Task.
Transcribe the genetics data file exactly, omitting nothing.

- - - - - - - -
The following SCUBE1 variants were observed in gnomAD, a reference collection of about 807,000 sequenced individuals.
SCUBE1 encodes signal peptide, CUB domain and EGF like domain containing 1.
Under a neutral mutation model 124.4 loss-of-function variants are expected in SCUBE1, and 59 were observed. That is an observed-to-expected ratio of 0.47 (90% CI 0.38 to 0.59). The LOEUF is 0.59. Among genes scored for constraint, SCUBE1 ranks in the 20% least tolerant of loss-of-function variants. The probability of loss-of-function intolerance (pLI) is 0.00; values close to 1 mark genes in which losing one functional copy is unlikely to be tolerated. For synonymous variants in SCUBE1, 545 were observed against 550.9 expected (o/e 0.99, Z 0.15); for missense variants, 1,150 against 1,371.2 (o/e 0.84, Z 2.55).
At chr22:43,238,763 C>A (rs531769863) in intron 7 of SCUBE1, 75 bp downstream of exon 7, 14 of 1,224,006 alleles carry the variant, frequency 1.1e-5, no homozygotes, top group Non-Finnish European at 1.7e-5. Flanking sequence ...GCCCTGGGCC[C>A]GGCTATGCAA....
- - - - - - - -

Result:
The following SCUBE1 variants were observed in gnomAD, a reference collection of about 807,000 sequenced individuals.
SCUBE1 encodes signal peptide, CUB domain and EGF like domain containing 1.
Under a neutral mutation model 124.4 loss-of-function variants are expected in SCUBE1, and 59 were observed. That is an observed-to-expected ratio of 0.47 (90% CI 0.38 to 0.59). The LOEUF is 0.59. Among genes scored for constraint, SCUBE1 ranks in the 20% least tolerant of loss-of-function variants. The probability of loss-of-function intolerance (pLI) is 0.00; values close to 1 mark genes in which losing one functional copy is unlikely to be tolerated. For synonymous variants in SCUBE1, 545 were observed against 550.9 expected (o/e 0.99, Z 0.15); for missense variants, 1,150 against 1,371.2 (o/e 0.84, Z 2.55).
At chr22:43,238,763 C>A (rs531769863) in intron 7 of SCUBE1, 75 bp downstream of exon 7, 14 of 1,224,006 alleles carry the variant, frequency 1.1e-5, no homozygotes, top group Non-Finnish European at 1.7e-5. Flanking sequence ...GCCCTGGGCC[C>A]GGCTATGCAA....